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Dating from 1867 and named for John Trout of Roanoke County, who donated money for its construction, Trout is the third oldest building on campus. Mr. Trout was also president of the Board of Trustees of the College from 1866 until 1882.
The depression on the lawn in front of Trout is all that is left of the hole gouged out to make bricks on the building site. The original building contained a small chapel, the walls of which were lined with marble memorial tablets. The building was renovated in 1939, and in the 1960s it was adapted for use as a language laboratory. The marble tablets of the chapel remain and may be seen today on the walls of the offices on the ground floor. The building is presently used for the Chaplain's office and other related activities.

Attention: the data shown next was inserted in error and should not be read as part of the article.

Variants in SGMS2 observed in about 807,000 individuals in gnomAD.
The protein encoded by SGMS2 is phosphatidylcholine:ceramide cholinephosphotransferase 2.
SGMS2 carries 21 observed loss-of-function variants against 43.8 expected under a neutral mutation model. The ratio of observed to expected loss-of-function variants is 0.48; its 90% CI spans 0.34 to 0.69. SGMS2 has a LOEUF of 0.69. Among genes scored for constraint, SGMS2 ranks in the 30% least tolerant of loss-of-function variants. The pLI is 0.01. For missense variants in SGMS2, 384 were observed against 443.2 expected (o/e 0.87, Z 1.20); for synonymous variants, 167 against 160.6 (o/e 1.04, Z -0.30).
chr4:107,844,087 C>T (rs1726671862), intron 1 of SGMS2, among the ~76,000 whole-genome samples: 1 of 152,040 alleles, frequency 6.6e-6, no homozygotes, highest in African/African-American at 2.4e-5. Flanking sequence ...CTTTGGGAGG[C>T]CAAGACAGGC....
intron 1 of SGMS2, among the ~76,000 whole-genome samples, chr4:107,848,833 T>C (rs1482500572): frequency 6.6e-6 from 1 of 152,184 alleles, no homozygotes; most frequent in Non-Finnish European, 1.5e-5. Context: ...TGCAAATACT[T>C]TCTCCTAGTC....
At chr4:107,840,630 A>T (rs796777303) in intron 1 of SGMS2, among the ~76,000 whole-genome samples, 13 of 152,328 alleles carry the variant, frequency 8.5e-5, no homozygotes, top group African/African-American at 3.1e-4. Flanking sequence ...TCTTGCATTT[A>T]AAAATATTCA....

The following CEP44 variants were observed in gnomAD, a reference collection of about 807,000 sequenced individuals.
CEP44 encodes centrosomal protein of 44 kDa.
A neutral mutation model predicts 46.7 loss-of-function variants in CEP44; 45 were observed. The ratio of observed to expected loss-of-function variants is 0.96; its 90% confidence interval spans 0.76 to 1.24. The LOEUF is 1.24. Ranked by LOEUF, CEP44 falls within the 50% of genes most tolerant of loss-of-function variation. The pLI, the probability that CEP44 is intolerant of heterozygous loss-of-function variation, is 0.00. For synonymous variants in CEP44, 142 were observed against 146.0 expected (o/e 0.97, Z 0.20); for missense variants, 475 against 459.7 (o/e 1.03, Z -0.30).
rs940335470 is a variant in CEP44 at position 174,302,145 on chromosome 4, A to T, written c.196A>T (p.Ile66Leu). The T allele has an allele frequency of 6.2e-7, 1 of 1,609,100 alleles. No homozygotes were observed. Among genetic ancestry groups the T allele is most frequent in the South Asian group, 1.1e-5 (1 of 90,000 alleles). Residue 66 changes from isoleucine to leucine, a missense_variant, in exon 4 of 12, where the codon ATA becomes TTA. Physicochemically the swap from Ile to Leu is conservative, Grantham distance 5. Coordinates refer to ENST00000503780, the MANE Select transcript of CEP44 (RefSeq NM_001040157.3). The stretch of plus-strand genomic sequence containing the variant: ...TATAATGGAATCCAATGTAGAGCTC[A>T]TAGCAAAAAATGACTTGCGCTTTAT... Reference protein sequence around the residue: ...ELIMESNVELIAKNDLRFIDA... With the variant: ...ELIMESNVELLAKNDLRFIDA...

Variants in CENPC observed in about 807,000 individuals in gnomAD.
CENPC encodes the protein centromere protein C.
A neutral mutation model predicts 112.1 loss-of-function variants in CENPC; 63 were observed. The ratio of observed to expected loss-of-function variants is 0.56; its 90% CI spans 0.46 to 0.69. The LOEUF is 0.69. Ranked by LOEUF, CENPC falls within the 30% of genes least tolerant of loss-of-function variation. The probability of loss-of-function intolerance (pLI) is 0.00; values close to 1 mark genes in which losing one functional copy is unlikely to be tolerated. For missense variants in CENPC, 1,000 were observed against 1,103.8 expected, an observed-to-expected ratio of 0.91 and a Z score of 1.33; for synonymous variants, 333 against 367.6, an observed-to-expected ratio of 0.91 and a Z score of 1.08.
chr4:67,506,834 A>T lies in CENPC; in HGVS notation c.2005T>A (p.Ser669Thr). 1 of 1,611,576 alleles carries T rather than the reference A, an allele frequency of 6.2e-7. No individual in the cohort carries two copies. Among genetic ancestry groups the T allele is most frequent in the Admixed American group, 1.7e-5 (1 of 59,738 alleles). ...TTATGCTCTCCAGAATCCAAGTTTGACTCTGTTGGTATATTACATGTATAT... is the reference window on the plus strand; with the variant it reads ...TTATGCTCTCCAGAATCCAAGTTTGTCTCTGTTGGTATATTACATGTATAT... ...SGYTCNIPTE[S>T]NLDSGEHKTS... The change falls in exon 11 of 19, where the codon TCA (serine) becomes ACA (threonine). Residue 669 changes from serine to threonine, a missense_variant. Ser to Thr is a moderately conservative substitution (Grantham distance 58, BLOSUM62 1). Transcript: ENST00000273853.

Eisenberg, William E. The First Hundred Years, Roanoke College, 1842-1942. Salem, VA: Trustees of Roanoke College, 1942.
Miller, Mark F. Dear Old Roanoke, A Sesquicentennial Portrait, 1842-1992. Macon, GA: Mercer University Press, 1992.
Traditions: Roanoke College Yesterday and Today. Salem, VA: Roanoke College, 1981.
Virginia Historic Landmarks Commission. Main Campus Complex, Roanoke College. National Register of Historic Places designation report. Washington, DC: U.S. Department of the Interior/ Park Service, 1973.